When calculating your building’s FAR, all areas inside the building are counted as floor area, except for basements used for storage, underground parking, mechanical or electrical equipment areas, and indoor common amenity areas.

SETBACKS 

The size of a building is controlled in part by setbacks, which are regulations that determine how far the building must be from the nearest lot line. After considering all the setbacks, the remaining area in the middle of the site is referred to as the building pocket.

In contrast to most residential zones that regulate setbacks based on the front, side, or rear of the lot, the RM zone regulates setbacks from streets, alleys, or other sites. 

Setbacks from a street:

  • The minimum setback from a property line abutting a street is either 4.5 metres, or 3.0 metres when the site abuts a treed boulevard on City property.
  • For mixed-use buildings with commercial uses on the ground floor, the minimum setback from a street is only 1.0 metre.

 

Diagram 2. Minimum setback abutting a street with no treed boulevard

Diagram 3. Minimum setback abutting a street with a treed boulevard

Setback from an alley:

  • The minimum setback from a property line abutting an alley is 3.0 metres in all situations. This is significantly smaller than the current rear setback of 7.5 metres in the RA7 and RA8 zones.

Diagram 4. Minimum setback abutting an alley

Important: the regulations for setbacks from other sites are complex, so now is the time to grab some coffee if you’re feeling drowsy!

In short, the setbacks from property lines that are shared with other sites depend on the height of your proposed building (and in some cases, the length of your proposed building as well). Note that these setbacks apply regardless of what’s actually built on the lot beside you—it makes no difference if it’s a bungalow or a skyscraper.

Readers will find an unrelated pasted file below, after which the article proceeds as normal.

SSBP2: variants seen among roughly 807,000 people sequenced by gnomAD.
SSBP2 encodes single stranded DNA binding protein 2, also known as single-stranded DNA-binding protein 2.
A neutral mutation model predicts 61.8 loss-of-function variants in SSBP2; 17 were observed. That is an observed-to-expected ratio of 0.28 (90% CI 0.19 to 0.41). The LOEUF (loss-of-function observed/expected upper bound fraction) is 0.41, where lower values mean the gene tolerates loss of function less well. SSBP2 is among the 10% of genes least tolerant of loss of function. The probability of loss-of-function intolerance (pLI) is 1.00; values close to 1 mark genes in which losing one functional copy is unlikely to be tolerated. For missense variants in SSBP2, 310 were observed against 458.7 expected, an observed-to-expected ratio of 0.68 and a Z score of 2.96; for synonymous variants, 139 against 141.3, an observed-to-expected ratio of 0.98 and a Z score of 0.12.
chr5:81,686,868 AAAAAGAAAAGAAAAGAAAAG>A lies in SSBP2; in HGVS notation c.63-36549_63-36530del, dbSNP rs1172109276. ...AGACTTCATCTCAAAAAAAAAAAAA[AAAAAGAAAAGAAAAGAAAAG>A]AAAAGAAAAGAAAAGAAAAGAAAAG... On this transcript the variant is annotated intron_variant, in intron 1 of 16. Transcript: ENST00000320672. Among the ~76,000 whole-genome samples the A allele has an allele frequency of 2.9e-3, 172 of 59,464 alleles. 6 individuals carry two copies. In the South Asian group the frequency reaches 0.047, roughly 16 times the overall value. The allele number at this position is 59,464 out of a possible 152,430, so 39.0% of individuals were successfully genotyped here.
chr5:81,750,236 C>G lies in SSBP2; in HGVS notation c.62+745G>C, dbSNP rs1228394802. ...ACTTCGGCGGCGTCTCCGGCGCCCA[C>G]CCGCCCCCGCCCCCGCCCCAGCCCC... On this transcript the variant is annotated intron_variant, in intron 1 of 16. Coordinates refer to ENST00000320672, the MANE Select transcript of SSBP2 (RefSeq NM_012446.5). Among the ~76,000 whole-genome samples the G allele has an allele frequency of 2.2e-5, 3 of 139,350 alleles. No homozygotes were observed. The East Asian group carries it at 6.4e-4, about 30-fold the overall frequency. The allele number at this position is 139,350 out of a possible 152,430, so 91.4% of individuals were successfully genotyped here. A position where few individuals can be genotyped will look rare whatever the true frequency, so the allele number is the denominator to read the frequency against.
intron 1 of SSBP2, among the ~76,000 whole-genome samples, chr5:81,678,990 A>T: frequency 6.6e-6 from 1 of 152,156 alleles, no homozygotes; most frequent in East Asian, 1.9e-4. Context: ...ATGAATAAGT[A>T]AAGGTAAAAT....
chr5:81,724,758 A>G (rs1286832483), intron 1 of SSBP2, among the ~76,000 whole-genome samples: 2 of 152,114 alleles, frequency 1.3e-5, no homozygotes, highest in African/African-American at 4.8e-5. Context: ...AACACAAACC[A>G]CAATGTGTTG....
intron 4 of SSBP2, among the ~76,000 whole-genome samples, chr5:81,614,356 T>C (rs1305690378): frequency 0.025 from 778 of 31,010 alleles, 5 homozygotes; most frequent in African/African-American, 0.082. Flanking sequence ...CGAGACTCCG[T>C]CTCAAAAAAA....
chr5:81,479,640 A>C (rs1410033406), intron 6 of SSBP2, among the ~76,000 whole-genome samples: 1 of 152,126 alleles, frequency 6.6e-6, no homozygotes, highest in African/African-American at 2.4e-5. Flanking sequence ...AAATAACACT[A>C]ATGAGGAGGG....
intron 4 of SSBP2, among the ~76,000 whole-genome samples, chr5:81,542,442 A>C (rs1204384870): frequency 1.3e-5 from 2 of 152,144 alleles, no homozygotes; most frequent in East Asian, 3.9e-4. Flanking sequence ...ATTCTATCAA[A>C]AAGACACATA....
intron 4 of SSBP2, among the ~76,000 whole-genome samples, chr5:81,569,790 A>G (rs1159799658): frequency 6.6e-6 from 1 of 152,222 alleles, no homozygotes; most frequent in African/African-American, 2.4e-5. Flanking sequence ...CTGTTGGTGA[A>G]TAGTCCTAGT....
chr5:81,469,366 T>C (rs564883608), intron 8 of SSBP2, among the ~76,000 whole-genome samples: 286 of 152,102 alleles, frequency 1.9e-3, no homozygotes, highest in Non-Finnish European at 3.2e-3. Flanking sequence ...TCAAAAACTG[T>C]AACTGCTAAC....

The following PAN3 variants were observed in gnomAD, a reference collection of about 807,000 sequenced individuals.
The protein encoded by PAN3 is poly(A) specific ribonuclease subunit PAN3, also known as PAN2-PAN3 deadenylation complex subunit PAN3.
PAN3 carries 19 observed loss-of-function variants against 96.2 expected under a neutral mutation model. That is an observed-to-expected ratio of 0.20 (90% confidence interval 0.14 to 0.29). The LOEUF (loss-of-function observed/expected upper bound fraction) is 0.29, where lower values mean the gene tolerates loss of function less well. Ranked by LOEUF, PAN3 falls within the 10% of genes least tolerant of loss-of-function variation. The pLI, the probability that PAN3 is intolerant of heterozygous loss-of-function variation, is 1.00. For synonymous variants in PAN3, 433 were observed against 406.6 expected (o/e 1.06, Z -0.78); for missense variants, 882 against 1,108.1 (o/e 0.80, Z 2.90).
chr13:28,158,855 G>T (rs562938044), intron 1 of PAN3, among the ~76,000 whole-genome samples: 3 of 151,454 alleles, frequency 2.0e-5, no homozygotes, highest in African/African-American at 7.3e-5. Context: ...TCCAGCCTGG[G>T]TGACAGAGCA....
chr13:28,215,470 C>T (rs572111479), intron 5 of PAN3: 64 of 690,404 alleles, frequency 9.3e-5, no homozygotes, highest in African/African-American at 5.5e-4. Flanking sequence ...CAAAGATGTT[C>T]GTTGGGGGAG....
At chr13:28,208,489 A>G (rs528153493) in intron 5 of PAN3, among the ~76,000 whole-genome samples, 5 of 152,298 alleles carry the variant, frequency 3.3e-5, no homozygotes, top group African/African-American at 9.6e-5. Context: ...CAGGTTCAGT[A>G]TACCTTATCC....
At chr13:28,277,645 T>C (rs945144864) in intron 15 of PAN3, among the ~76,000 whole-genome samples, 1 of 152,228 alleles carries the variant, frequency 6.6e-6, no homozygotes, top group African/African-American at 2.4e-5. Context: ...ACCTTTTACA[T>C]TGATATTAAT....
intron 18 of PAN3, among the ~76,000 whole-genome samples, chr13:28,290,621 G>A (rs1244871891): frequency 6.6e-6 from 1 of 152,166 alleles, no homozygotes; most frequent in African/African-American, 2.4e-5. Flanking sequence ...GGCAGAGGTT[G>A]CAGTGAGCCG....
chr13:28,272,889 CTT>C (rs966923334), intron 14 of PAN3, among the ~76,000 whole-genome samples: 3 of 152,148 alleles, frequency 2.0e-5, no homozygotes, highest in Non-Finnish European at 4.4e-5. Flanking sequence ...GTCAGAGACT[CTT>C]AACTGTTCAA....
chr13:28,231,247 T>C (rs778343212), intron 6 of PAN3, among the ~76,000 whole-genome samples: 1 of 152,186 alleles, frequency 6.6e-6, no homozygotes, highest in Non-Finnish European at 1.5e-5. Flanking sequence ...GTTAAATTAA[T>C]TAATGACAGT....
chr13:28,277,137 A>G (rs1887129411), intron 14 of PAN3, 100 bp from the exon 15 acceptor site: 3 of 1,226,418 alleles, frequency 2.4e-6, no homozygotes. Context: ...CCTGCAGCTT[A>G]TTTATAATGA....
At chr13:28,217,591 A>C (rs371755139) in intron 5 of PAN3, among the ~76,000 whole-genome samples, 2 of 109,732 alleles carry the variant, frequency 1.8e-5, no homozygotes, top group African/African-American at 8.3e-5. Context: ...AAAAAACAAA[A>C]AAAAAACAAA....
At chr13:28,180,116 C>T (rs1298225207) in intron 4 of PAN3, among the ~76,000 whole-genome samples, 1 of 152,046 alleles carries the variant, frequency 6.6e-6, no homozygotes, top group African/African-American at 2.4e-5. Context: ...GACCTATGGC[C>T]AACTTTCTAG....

Setbacks from property lines shared with a non-residential zone, or shared with a residential zone allowing for buildings over 12.0 metres in height:

  • For new buildings up to 12.0 metres in height, the minimum setback along the shared property line is 1.5 metres
  • For new buildings over 12.0 metres in height, the minimum setback along the shared property line is 3.0 metres.
  • Any portion of a new building that’s over 23.0 metres in height must be at least 6.0 metres from the shared property line. This can be accomplished in two ways: by stepping the building back by 3.0 at 23.0 metres in height, or, by putting the entire building 6.0 metres away from the shared property line. Both options are shown on the diagram below.

Diagram 5. Minimum setbacks abutting other sites

If your site shares a property line with a residential zone with a maximum height of 12.0 m or less—like the RS zone—the setback along that shared property line depends on both the length AND the height of your proposed new building. 

For any new building with a height of 12.0 metres OR LESS, the minimum setback along the shared lot line is 1.5 metres. 

If the length of your proposed new building (the wall facing the shared lot line) is 40.0 metres OR LESS, AND the proposed new building height is MORE THAN 12.0 metres, the minimum setback along the shared lot line is 3.0 metres. 

In addition, any portion of the building above 16.0 metres must be at least 6.0 metres away from the shared property line. This can be accomplished in two ways: by stepping the building back by 3.0 at 16.0 metres in height, or, by putting the entire building 6.0 metres away from the shared property line. Both options are shown on the diagram below

Diagram 6. Minimum setbacks abutting small scale residential sites (building with height of 23 metres and length of 40 metres)

Now, if the length of your proposed new building (the wall facing the shared lot line) is 40.0 metres OR MORE, AND the proposed new building height is MORE THAN 12.0 metres, the minimum setback along the shared lot line is 6.0 metres.